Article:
|Critical Incident Stress Debriefing: A Response to Susan Jones, PhD—Part 1|
|By Bruce Perham|
I found Susan Jones’ article in Desert Waters Correctional Oasis July 2018 issue to be most informative and helpful to read on this much debated topic of the effectiveness of Critical Incident Stress Debriefing (CISD). So much so, that I felt inclined to respond to it, and contribute to the much-needed discussion around this topic.
I am a Mental Health Social Worker Family and Narrative Therapist who has worked in Private Practice for the last 10 years in Melbourne, Australia. Throughout that time, I have worked with a large Employee Assistance Provider who has the EAP contract with our Department of Justice and Regulation. This has involved me in providing EAP counselling and CISD to Correction Officers throughout Victoria, my home state.
I need to state clearly here that the thoughts I express in this response are “anecdotal,” based on my professional experience, and are not connected to any formal research findings. In this article, I quote Susan’s statements bolded, followed by my response to them.
Susan Jones: “However, as I kept hearing that this approach may cause harm, I examined the research closely. This examination revealed that there are a variety of studies which indicate that stress debriefing actions taken after critical incidents were either, at best, doing no good, or were even causing harm.”
In Australia, I think that this is now a very prevalent view, and some clinicians strongly believe that the critical incident debriefing process has the potential to re-traumatize staff by revisiting the details of the trauma event. Anecdotally, the debriefing sessions I have been involved in over the last 10 years have given me the sense that these post-event debriefings are actually very helpful for officers. They provide a forum for reflection over the incident, and an opportunity to explore its psychological impact.
I think sometimes there may be differences between the effects of retelling old traumatic events and more recent traumatic events. There is now no debate or concern that it may be harmful to have a client retell details of childhood trauma experiences. However, further research is needed to establish if there are some major differences between doing that and someone sharing, in a group context, their thoughts or memories of more recent events, such as a prisoner self-harming 3 or 4 days ago. (These differences may, for example, have to do with memory consolidation processes, about which we do not know a lot at this time.)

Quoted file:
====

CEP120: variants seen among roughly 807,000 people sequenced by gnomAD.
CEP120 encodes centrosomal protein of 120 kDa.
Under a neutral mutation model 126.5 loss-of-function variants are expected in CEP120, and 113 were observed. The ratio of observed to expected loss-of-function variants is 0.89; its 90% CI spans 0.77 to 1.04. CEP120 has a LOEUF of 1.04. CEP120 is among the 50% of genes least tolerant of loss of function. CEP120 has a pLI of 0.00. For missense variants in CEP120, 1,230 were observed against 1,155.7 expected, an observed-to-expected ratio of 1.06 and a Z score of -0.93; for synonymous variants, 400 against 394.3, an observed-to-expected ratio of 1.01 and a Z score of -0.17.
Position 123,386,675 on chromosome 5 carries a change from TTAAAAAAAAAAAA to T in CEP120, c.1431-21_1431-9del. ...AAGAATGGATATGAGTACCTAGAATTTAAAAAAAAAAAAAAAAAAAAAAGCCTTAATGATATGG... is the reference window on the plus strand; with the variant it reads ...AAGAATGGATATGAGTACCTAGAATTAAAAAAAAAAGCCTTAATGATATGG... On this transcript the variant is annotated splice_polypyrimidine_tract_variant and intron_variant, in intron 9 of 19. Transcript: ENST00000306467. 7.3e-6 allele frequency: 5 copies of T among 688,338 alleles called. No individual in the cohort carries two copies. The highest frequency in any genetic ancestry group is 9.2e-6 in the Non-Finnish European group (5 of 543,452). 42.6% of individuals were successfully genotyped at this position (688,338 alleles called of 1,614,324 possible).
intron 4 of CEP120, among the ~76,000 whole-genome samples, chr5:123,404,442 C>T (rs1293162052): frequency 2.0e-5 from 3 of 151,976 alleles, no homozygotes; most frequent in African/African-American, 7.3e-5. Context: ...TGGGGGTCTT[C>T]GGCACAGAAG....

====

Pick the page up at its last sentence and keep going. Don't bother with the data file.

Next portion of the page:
The main criterion for me for inclusion in a debriefing group is that all the Officers were in attendance at the critical incident and personally experienced the incident. That is not to say that Officers who were not at the incident are not traumatized by it, but my sense is that there are differences, and descriptions of the event may not be helpful for someone who was not present at the incident.
I always inquire as to “what happened,” and people are free to share whatever they witnessed and feel comfortable to disclose. In situations where all Officers witnessed the incident, the discussion of what happened moves very quickly to how the Officers are processing what they experienced. It moves from what they saw to what impact it is having on them. Overwhelmingly officers express this as being a helpful experience to discuss these traumatic experiences with colleagues, in preference to dealing with them on their own.
I was very fortunate to be able to conduct a training program in our Victorian prisons in 2016 called “Managing Stress and Dealing with Trauma.” I conducted 40 sessions, and over 450 prison officers attended the training. They shared a great deal with me about the challenges of being a prison officer, and a lot of what I share here was very influenced by what the officers told me.